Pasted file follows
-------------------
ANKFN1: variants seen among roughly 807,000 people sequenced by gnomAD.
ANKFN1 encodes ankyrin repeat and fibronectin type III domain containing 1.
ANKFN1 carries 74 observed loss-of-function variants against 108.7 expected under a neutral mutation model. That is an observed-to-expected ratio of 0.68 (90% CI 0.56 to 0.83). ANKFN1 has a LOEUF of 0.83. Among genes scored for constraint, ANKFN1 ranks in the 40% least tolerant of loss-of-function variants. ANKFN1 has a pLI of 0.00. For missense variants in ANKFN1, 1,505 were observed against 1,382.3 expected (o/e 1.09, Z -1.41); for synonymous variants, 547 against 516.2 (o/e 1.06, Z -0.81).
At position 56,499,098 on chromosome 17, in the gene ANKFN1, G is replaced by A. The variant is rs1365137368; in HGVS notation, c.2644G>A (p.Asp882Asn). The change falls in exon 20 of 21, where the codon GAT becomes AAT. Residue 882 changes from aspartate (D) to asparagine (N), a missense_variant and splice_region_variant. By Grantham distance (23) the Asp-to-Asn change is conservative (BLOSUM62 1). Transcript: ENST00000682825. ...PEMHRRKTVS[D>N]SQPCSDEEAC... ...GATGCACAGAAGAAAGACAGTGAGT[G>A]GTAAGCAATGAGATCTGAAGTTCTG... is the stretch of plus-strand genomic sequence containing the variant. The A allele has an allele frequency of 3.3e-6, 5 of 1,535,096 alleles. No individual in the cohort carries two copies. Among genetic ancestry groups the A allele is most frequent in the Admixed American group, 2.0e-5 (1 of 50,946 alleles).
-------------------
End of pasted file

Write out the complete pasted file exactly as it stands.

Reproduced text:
ANKFN1: variants seen among roughly 807,000 people sequenced by gnomAD.
ANKFN1 encodes ankyrin repeat and fibronectin type III domain containing 1.
ANKFN1 carries 74 observed loss-of-function variants against 108.7 expected under a neutral mutation model. That is an observed-to-expected ratio of 0.68 (90% CI 0.56 to 0.83). ANKFN1 has a LOEUF of 0.83. Among genes scored for constraint, ANKFN1 ranks in the 40% least tolerant of loss-of-function variants. ANKFN1 has a pLI of 0.00. For missense variants in ANKFN1, 1,505 were observed against 1,382.3 expected (o/e 1.09, Z -1.41); for synonymous variants, 547 against 516.2 (o/e 1.06, Z -0.81).
At position 56,499,098 on chromosome 17, in the gene ANKFN1, G is replaced by A. The variant is rs1365137368; in HGVS notation, c.2644G>A (p.Asp882Asn). The change falls in exon 20 of 21, where the codon GAT becomes AAT. Residue 882 changes from aspartate (D) to asparagine (N), a missense_variant and splice_region_variant. By Grantham distance (23) the Asp-to-Asn change is conservative (BLOSUM62 1). Transcript: ENST00000682825. ...PEMHRRKTVS[D>N]SQPCSDEEAC... ...GATGCACAGAAGAAAGACAGTGAGT[G>A]GTAAGCAATGAGATCTGAAGTTCTG... is the stretch of plus-strand genomic sequence containing the variant. The A allele has an allele frequency of 3.3e-6, 5 of 1,535,096 alleles. No individual in the cohort carries two copies. Among genetic ancestry groups the A allele is most frequent in the Admixed American group, 2.0e-5 (1 of 50,946 alleles).